Men Can Engage Mind and Body to Boost Cardiovascular Health

Heart disease is the leading cause of death for men in the United States.

By Lisa Aubry, Loma Linda University Health News
Men Can Engage Mind and Body to Boost Cardiovascular Health
One of the ways Hilliard relieves stress is through spending quality time with loved ones, like his daughter, and cooking. [Photo: Loma Linda University Health News]

Heart disease is the leading cause of death for men in the United States, according to the U.S. Centers for Disease Control and Prevention, and data estimate that heart disease is responsible for about 1 in 4 U.S. male deaths.

One of the most pivotal things men can do to safeguard their heart health is to utilize the interconnection between mind and body to impact their cardiovascular health, says Anthony Hilliard, chief of cardiology at Loma Linda University International Heart Institute in Loma Linda, California. For June’s Men’s Health Month, Hilliard discusses the essential roles that stress relief and physical activity play for men’s hearts.

Rather than focus on just the heart as an isolated body part, however, Hilliard says orienting the entire body and mind toward a healthy lifestyle will boost the cardiovascular system most powerfully and sustainably.

“We need to be looking at health wholistically,” he says. “If we’re achieving health in only one organ but not others, then we’re not really achieving health.”

The stress that many men experience in life is known to harm cardiovascular health in several ways, Hilliard says. Chronic stress can elevate levels of cortisol, the body’s primary stress hormone, which impacts sleep patterns and blood flow throughout the body. He says such effects can cause conditions like hypertension and raise the risk of heart attacks.

Data show that men develop heart disease about a decade earlier than women. One early sign of heart disease in men can be erectile dysfunction, which, Hilliard says, in turn impacts sexual, relationship, and overall mental health.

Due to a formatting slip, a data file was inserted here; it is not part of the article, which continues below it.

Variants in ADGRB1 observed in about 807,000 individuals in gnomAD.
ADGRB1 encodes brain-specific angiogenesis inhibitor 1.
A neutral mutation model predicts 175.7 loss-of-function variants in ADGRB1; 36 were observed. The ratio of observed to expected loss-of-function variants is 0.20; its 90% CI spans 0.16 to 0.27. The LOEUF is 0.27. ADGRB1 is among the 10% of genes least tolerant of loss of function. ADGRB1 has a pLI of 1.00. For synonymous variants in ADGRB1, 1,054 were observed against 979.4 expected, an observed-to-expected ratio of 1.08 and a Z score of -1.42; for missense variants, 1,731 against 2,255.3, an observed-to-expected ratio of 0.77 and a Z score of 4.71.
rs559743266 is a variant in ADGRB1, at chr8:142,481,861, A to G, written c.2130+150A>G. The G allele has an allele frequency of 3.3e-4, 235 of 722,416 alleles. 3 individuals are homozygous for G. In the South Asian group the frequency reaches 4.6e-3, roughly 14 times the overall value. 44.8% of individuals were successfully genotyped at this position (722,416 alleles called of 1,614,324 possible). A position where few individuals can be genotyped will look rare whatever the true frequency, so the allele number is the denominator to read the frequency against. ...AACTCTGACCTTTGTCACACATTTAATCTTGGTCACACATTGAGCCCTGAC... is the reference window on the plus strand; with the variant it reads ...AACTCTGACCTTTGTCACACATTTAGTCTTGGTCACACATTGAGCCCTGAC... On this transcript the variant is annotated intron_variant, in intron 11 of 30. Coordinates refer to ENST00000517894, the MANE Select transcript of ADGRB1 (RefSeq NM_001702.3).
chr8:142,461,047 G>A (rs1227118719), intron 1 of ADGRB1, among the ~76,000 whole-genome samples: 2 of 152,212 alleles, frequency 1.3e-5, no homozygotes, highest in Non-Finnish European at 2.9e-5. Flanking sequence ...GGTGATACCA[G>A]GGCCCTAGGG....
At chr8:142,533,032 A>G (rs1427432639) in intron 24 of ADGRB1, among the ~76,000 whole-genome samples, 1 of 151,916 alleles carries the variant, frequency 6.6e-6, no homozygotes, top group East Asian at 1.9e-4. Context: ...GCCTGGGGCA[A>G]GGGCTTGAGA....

While avoiding or creating distance from specific stressors in life is possible, it’s impossible to dodge them all — some stressors are just “curveballs of life,” Hilliard says. He says men can, however, learn to better manage and adapt to stress by finding an outlet; outlets enable men to channel positive thoughts, decompress, and engage the creative part of the brain.

“We want to be able to re-focus our minds, so we aren’t consumed by stressors,” Hilliard says. “Engaging in activities that put life into perspective allows us to gather our thoughts and strength to face another day.”

Hilliard exercises regularly to maintain his overall health, including cardiovascular fitness. [Photo: Loma Linda University Health News]

Outlets look different for everyone depending on what they enjoy, Hilliard says, and can range from reading to woodworking and other crafts. For Hilliard, yard work and gardening have served as longtime stress relievers, and, most recently, painting. However, he adds that watching a sports game on television is not comparable to an outlet that nurtures the mind in times of stress.

“There is a difference between suppressing stressors through distraction and re-centering the mind to channel positive energy.”

Men are statistically significantly less likely than women to seek help for mental health difficulties, according to the U.S. National Institutes of Health. For this reason, Hilliard emphasizes the importance of men learning to be intentional and protective of the time they invest in their well-being through self-care and healthy outlets.

“No one else should care more about your own well-being than you,” Hilliard says. “We need to be bold about taking the time we need to ourselves and empower each other to take care of ourselves and challenge each other to do that.”

Taking care of the body through physical activity or exercise is equally as crucial as decompressing the mind and creating positive energy, Hilliard says. In some cases, the same outlet that nurtures the mind also doubles as physical activity — such as gardening, walking, biking, and other forms of exercise. If the creative outlet doesn’t involve much movement, such as journaling, Hilliard urges men to set aside an hour of exercise daily to create a balance between mind and body.

Large population studies demonstrate how lifestyle significantly impacts health outcomes, including for individuals with a genetic makeup that predisposes them to cardiovascular risk. Hilliard encourages men to claim ownership of their heart health by pairing these principles of mental outlet and physical activity.

“It’s not this magical thing at the end of your fingertips that you can’t get, it’s readily doable for everyone,” he says.

The original version of this story was posted on the Loma Linda University Health news site.

By Lisa Aubry, Loma Linda University Health News